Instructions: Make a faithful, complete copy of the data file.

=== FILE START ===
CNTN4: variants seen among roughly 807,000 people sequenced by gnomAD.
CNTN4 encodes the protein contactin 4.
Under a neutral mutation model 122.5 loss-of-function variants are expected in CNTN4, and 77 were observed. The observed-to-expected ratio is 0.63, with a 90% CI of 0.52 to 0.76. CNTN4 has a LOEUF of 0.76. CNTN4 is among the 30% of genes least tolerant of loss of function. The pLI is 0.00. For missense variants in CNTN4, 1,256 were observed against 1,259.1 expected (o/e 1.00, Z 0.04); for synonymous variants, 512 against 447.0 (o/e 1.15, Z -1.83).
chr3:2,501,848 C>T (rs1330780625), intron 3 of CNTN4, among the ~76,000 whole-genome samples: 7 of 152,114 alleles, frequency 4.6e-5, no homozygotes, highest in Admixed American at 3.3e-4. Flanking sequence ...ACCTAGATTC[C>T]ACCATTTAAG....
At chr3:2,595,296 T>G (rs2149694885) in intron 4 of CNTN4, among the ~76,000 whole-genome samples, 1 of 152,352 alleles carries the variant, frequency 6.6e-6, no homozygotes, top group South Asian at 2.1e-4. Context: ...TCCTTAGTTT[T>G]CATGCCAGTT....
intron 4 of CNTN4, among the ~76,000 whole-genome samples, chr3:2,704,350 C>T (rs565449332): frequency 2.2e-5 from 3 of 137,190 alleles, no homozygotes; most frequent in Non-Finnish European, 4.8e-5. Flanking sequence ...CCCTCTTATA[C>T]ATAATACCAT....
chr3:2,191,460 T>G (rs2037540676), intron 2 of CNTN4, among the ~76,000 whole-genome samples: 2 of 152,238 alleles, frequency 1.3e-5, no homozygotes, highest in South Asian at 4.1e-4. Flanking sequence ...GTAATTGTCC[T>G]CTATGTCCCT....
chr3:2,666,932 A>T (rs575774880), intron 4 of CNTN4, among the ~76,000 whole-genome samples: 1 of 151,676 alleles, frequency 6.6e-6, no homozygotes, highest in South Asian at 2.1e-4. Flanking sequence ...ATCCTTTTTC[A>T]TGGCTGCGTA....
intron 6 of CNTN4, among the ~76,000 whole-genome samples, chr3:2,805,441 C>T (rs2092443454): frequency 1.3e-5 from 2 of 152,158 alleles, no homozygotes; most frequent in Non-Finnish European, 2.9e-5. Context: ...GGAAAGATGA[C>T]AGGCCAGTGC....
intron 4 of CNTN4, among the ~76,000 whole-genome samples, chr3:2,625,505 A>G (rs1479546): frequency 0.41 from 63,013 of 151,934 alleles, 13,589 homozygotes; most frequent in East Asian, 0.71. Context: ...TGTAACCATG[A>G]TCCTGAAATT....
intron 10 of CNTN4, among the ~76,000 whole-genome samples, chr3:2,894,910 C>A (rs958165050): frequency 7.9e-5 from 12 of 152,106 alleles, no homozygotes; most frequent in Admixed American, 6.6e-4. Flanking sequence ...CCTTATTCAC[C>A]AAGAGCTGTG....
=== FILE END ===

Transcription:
CNTN4: variants seen among roughly 807,000 people sequenced by gnomAD.
CNTN4 encodes the protein contactin 4.
Under a neutral mutation model 122.5 loss-of-function variants are expected in CNTN4, and 77 were observed. The observed-to-expected ratio is 0.63, with a 90% CI of 0.52 to 0.76. CNTN4 has a LOEUF of 0.76. CNTN4 is among the 30% of genes least tolerant of loss of function. The pLI is 0.00. For missense variants in CNTN4, 1,256 were observed against 1,259.1 expected (o/e 1.00, Z 0.04); for synonymous variants, 512 against 447.0 (o/e 1.15, Z -1.83).
chr3:2,501,848 C>T (rs1330780625), intron 3 of CNTN4, among the ~76,000 whole-genome samples: 7 of 152,114 alleles, frequency 4.6e-5, no homozygotes, highest in Admixed American at 3.3e-4. Flanking sequence ...ACCTAGATTC[C>T]ACCATTTAAG....
At chr3:2,595,296 T>G (rs2149694885) in intron 4 of CNTN4, among the ~76,000 whole-genome samples, 1 of 152,352 alleles carries the variant, frequency 6.6e-6, no homozygotes, top group South Asian at 2.1e-4. Context: ...TCCTTAGTTT[T>G]CATGCCAGTT....
intron 4 of CNTN4, among the ~76,000 whole-genome samples, chr3:2,704,350 C>T (rs565449332): frequency 2.2e-5 from 3 of 137,190 alleles, no homozygotes; most frequent in Non-Finnish European, 4.8e-5. Flanking sequence ...CCCTCTTATA[C>T]ATAATACCAT....
chr3:2,191,460 T>G (rs2037540676), intron 2 of CNTN4, among the ~76,000 whole-genome samples: 2 of 152,238 alleles, frequency 1.3e-5, no homozygotes, highest in South Asian at 4.1e-4. Flanking sequence ...GTAATTGTCC[T>G]CTATGTCCCT....
chr3:2,666,932 A>T (rs575774880), intron 4 of CNTN4, among the ~76,000 whole-genome samples: 1 of 151,676 alleles, frequency 6.6e-6, no homozygotes, highest in South Asian at 2.1e-4. Flanking sequence ...ATCCTTTTTC[A>T]TGGCTGCGTA....
intron 6 of CNTN4, among the ~76,000 whole-genome samples, chr3:2,805,441 C>T (rs2092443454): frequency 1.3e-5 from 2 of 152,158 alleles, no homozygotes; most frequent in Non-Finnish European, 2.9e-5. Context: ...GGAAAGATGA[C>T]AGGCCAGTGC....
intron 4 of CNTN4, among the ~76,000 whole-genome samples, chr3:2,625,505 A>G (rs1479546): frequency 0.41 from 63,013 of 151,934 alleles, 13,589 homozygotes; most frequent in East Asian, 0.71. Context: ...TGTAACCATG[A>G]TCCTGAAATT....
intron 10 of CNTN4, among the ~76,000 whole-genome samples, chr3:2,894,910 C>A (rs958165050): frequency 7.9e-5 from 12 of 152,106 alleles, no homozygotes; most frequent in Admixed American, 6.6e-4. Flanking sequence ...CCTTATTCAC[C>A]AAGAGCTGTG....